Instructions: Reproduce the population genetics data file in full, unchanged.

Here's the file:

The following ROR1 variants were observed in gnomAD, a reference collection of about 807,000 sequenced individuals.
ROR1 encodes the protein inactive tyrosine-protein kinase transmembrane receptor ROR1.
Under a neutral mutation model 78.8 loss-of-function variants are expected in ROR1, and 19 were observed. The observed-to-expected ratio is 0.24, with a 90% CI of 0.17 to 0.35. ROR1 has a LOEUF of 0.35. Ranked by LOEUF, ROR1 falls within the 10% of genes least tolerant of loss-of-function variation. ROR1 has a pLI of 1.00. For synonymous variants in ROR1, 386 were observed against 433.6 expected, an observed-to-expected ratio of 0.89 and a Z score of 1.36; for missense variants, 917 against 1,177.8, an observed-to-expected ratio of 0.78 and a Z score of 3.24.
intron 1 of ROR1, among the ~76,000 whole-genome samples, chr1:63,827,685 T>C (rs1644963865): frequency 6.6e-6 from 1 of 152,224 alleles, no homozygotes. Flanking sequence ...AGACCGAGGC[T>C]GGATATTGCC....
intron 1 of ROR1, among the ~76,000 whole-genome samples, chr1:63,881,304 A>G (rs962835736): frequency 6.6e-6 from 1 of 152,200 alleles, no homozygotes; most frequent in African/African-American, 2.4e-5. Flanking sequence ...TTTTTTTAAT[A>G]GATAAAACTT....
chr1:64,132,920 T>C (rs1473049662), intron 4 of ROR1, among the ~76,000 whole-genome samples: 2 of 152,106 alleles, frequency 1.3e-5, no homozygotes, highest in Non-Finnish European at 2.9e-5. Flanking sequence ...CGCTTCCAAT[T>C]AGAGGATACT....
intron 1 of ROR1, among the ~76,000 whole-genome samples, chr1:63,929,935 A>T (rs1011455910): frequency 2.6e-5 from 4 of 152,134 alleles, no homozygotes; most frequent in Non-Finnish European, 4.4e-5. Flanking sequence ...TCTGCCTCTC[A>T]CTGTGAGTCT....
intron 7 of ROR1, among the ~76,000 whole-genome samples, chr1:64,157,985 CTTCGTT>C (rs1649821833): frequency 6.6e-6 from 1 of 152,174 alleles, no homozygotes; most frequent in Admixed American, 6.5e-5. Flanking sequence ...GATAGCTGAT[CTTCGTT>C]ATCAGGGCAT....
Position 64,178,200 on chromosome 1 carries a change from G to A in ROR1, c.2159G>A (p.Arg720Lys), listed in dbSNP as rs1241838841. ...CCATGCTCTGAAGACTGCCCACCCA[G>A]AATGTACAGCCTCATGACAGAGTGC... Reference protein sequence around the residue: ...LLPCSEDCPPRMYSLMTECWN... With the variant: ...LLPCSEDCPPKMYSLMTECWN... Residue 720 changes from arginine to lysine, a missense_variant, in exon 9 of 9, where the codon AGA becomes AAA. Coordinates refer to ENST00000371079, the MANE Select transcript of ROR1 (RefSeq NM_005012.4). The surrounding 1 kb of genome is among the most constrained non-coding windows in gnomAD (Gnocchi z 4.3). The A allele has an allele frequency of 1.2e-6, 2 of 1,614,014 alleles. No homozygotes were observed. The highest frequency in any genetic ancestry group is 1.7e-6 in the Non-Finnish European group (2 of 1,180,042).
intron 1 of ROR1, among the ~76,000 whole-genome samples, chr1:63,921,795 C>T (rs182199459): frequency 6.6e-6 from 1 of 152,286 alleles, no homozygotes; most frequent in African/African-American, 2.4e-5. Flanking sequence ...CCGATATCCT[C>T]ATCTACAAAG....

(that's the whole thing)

The following ROR1 variants were observed in gnomAD, a reference collection of about 807,000 sequenced individuals.
ROR1 encodes the protein inactive tyrosine-protein kinase transmembrane receptor ROR1.
Under a neutral mutation model 78.8 loss-of-function variants are expected in ROR1, and 19 were observed. The observed-to-expected ratio is 0.24, with a 90% CI of 0.17 to 0.35. ROR1 has a LOEUF of 0.35. Ranked by LOEUF, ROR1 falls within the 10% of genes least tolerant of loss-of-function variation. ROR1 has a pLI of 1.00. For synonymous variants in ROR1, 386 were observed against 433.6 expected, an observed-to-expected ratio of 0.89 and a Z score of 1.36; for missense variants, 917 against 1,177.8, an observed-to-expected ratio of 0.78 and a Z score of 3.24.
intron 1 of ROR1, among the ~76,000 whole-genome samples, chr1:63,827,685 T>C (rs1644963865): frequency 6.6e-6 from 1 of 152,224 alleles, no homozygotes. Flanking sequence ...AGACCGAGGC[T>C]GGATATTGCC....
intron 1 of ROR1, among the ~76,000 whole-genome samples, chr1:63,881,304 A>G (rs962835736): frequency 6.6e-6 from 1 of 152,200 alleles, no homozygotes; most frequent in African/African-American, 2.4e-5. Flanking sequence ...TTTTTTTAAT[A>G]GATAAAACTT....
chr1:64,132,920 T>C (rs1473049662), intron 4 of ROR1, among the ~76,000 whole-genome samples: 2 of 152,106 alleles, frequency 1.3e-5, no homozygotes, highest in Non-Finnish European at 2.9e-5. Flanking sequence ...CGCTTCCAAT[T>C]AGAGGATACT....
intron 1 of ROR1, among the ~76,000 whole-genome samples, chr1:63,929,935 A>T (rs1011455910): frequency 2.6e-5 from 4 of 152,134 alleles, no homozygotes; most frequent in Non-Finnish European, 4.4e-5. Flanking sequence ...TCTGCCTCTC[A>T]CTGTGAGTCT....
intron 7 of ROR1, among the ~76,000 whole-genome samples, chr1:64,157,985 CTTCGTT>C (rs1649821833): frequency 6.6e-6 from 1 of 152,174 alleles, no homozygotes; most frequent in Admixed American, 6.5e-5. Flanking sequence ...GATAGCTGAT[CTTCGTT>C]ATCAGGGCAT....
Position 64,178,200 on chromosome 1 carries a change from G to A in ROR1, c.2159G>A (p.Arg720Lys), listed in dbSNP as rs1241838841. ...CCATGCTCTGAAGACTGCCCACCCA[G>A]AATGTACAGCCTCATGACAGAGTGC... Reference protein sequence around the residue: ...LLPCSEDCPPRMYSLMTECWN... With the variant: ...LLPCSEDCPPKMYSLMTECWN... Residue 720 changes from arginine to lysine, a missense_variant, in exon 9 of 9, where the codon AGA becomes AAA. Coordinates refer to ENST00000371079, the MANE Select transcript of ROR1 (RefSeq NM_005012.4). The surrounding 1 kb of genome is among the most constrained non-coding windows in gnomAD (Gnocchi z 4.3). The A allele has an allele frequency of 1.2e-6, 2 of 1,614,014 alleles. No homozygotes were observed. The highest frequency in any genetic ancestry group is 1.7e-6 in the Non-Finnish European group (2 of 1,180,042).
intron 1 of ROR1, among the ~76,000 whole-genome samples, chr1:63,921,795 C>T (rs182199459): frequency 6.6e-6 from 1 of 152,286 alleles, no homozygotes; most frequent in African/African-American, 2.4e-5. Flanking sequence ...CCGATATCCT[C>T]ATCTACAAAG....